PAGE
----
Contravention of a parenting order is a serious offence

In post separation process, the court can issue a parenting order, which will focus on where the child would live, how shared parental responsibility is allocated, and how the child spends time with another person. When parents receive parenting order, they are primarily expected to observe strict compliance of the same.

Parenting orders aim to reduce the conflict and minimize the emotional cost of family breakdown. When either of the parents or both parents break the conditions in the parenting order they may be held liable for contravening the parenting order. Contravention of a parenting order may be established if both couples intentionally fail or made no reason to attempt to comply with the order.

It is not unusual for some parents to break a parenting order, especially if they sturdily do not agree with it. The unrelenting desire for parents to spend time with their kids, after a marriage breakdown, is also a considerable factor why some parents would break a parenting order. Some of the contraventions that most parents commonly make against a parenting order is removing or abducting the child from the other party who is in charge of custody, hindering the child from spending time with the other parent and deterring the child from communicating with the other parent.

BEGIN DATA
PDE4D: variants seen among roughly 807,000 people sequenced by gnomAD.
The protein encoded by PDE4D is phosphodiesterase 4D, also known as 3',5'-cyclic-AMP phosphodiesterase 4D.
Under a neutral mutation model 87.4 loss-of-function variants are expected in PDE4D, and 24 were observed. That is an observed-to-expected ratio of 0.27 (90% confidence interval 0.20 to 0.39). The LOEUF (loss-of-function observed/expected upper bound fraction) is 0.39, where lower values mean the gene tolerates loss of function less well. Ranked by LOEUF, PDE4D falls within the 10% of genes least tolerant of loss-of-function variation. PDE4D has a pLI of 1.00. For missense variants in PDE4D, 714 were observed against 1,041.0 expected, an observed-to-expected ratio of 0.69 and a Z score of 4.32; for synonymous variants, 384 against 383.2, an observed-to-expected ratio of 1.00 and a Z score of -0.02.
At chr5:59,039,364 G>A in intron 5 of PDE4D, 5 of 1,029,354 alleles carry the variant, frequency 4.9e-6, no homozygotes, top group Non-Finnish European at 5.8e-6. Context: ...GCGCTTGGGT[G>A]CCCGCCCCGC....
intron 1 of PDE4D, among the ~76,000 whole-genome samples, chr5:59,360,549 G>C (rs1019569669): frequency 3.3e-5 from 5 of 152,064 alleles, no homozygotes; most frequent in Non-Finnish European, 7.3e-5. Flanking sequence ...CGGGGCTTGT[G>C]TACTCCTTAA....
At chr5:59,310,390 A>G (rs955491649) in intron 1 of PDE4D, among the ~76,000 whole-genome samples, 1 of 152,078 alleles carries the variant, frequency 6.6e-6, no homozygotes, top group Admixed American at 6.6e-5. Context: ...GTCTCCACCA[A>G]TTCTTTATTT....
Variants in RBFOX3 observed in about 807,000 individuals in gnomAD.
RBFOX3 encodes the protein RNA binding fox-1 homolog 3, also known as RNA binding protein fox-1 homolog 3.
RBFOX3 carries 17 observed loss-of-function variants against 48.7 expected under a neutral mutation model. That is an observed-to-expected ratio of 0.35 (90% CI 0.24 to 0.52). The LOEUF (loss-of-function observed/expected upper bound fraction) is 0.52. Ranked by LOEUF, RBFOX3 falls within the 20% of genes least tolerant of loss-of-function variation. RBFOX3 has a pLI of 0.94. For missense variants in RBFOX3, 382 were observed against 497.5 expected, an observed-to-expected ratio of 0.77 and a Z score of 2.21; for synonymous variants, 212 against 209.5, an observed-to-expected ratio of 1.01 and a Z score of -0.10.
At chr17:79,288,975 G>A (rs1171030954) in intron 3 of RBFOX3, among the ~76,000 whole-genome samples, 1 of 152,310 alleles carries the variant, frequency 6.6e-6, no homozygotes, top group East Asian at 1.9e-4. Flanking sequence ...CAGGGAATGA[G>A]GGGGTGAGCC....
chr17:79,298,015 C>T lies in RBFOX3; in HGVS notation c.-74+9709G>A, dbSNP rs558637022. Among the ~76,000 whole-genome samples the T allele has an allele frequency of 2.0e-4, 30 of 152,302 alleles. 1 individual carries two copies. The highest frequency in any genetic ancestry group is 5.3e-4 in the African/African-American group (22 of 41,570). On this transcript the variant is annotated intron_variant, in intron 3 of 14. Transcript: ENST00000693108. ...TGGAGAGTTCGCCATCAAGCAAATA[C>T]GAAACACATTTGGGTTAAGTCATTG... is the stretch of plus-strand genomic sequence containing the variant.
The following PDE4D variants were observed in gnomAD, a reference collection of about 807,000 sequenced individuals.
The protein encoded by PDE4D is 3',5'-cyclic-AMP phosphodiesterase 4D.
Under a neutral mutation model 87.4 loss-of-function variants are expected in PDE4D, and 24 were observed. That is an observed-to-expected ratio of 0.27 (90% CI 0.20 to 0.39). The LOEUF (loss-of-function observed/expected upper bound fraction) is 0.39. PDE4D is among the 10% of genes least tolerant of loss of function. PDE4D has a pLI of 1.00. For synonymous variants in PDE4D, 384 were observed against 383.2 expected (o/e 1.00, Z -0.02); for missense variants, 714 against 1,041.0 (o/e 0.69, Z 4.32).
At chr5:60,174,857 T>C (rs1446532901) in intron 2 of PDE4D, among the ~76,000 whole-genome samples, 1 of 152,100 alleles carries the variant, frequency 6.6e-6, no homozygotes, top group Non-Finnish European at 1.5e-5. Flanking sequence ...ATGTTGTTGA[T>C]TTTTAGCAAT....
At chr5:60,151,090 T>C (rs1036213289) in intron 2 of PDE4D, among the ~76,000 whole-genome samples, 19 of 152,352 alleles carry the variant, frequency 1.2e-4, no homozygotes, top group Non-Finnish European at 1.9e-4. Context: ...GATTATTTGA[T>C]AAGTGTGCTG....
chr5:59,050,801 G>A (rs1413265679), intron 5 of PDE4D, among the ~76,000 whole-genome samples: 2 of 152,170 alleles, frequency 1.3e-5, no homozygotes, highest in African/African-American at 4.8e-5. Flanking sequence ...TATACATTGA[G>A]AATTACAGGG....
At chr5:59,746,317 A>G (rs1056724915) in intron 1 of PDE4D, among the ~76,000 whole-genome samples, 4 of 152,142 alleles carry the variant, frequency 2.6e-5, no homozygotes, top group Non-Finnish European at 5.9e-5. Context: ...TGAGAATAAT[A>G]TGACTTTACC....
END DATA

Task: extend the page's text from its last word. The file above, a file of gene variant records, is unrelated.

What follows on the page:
If the other parent alleges a contravention of the parenting plan, the court will have to establish if the offender did it intentionally or did it with the reasonable excuse. If it is proven that the offending parent contravened the parenting order with intent and without reasonable excuse he or she may be subject to community service order, compensate the offended party, pay a fine, or maybe imprisoned for at least ten years. If it is established that the parent contravened the parenting order with excusable reasons, the party may be only liable to pay the offended party with just cost.

If you are faced with allegations regarding contraventions of a parenting order or if you received a parenting order and you do not agree with its conditions, do not hesitate to contact one of our family lawyers. It should be noted that asking for concrete legal advice beforehand will offset potential offences that you may be liable for.

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